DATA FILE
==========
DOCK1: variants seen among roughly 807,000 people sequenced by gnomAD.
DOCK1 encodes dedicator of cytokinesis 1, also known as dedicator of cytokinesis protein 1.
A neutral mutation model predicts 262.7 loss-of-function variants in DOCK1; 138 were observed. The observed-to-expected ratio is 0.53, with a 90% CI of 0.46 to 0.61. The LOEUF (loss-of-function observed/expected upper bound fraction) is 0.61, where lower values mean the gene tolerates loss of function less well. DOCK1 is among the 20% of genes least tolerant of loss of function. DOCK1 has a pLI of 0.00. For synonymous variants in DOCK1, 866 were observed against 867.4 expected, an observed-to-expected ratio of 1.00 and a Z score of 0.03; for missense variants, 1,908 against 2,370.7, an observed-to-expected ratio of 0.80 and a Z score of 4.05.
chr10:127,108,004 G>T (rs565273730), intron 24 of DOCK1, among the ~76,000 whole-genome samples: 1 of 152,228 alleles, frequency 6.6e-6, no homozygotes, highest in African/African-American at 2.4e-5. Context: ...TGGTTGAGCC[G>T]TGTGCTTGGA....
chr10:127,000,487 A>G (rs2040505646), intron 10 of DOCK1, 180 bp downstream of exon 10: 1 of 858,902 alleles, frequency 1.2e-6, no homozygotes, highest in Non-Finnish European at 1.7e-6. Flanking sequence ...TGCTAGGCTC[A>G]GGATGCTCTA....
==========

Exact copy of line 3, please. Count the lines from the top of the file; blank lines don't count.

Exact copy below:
A neutral mutation model predicts 262.7 loss-of-function variants in DOCK1; 138 were observed. The observed-to-expected ratio is 0.53, with a 90% CI of 0.46 to 0.61. The LOEUF (loss-of-function observed/expected upper bound fraction) is 0.61, where lower values mean the gene tolerates loss of function less well. DOCK1 is among the 20% of genes least tolerant of loss of function. DOCK1 has a pLI of 0.00. For synonymous variants in DOCK1, 866 were observed against 867.4 expected, an observed-to-expected ratio of 1.00 and a Z score of 0.03; for missense variants, 1,908 against 2,370.7, an observed-to-expected ratio of 0.80 and a Z score of 4.05.